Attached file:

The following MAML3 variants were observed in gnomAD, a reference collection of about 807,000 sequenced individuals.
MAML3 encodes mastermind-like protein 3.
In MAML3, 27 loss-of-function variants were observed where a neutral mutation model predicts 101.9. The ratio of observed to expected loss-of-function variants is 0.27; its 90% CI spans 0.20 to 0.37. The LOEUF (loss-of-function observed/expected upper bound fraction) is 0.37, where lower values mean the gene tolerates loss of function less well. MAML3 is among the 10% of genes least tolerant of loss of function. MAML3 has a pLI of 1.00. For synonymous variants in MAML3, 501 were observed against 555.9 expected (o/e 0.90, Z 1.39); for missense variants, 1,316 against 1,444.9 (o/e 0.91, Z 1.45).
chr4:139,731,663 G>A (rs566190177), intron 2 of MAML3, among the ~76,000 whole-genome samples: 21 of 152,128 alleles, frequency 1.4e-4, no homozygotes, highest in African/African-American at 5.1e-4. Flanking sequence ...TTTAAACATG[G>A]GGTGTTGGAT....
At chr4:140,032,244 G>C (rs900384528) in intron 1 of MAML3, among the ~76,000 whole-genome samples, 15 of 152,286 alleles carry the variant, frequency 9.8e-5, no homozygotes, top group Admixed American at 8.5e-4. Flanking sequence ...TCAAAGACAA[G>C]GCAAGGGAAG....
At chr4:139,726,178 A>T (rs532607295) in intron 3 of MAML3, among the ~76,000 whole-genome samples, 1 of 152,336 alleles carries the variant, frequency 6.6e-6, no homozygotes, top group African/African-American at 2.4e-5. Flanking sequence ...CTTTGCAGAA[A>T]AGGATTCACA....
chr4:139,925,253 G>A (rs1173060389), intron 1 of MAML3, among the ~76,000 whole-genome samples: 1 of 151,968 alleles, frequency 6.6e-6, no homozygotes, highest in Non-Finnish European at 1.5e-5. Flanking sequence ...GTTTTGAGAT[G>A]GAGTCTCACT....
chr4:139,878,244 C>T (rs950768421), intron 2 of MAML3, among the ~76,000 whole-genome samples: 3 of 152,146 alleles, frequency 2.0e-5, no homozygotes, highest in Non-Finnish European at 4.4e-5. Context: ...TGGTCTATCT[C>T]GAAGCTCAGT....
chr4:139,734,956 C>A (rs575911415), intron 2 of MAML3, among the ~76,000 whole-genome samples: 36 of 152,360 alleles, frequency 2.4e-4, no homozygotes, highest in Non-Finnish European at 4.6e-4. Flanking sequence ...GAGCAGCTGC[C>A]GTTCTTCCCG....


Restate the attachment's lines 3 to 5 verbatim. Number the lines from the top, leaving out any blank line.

In MAML3, 27 loss-of-function variants were observed where a neutral mutation model predicts 101.9. The ratio of observed to expected loss-of-function variants is 0.27; its 90% CI spans 0.20 to 0.37. The LOEUF (loss-of-function observed/expected upper bound fraction) is 0.37, where lower values mean the gene tolerates loss of function less well. MAML3 is among the 10% of genes least tolerant of loss of function. MAML3 has a pLI of 1.00. For synonymous variants in MAML3, 501 were observed against 555.9 expected (o/e 0.90, Z 1.39); for missense variants, 1,316 against 1,444.9 (o/e 0.91, Z 1.45).
chr4:139,731,663 G>A (rs566190177), intron 2 of MAML3, among the ~76,000 whole-genome samples: 21 of 152,128 alleles, frequency 1.4e-4, no homozygotes, highest in African/African-American at 5.1e-4. Flanking sequence ...TTTAAACATG[G>A]GGTGTTGGAT....
At chr4:140,032,244 G>C (rs900384528) in intron 1 of MAML3, among the ~76,000 whole-genome samples, 15 of 152,286 alleles carry the variant, frequency 9.8e-5, no homozygotes, top group Admixed American at 8.5e-4. Flanking sequence ...TCAAAGACAA[G>C]GCAAGGGAAG....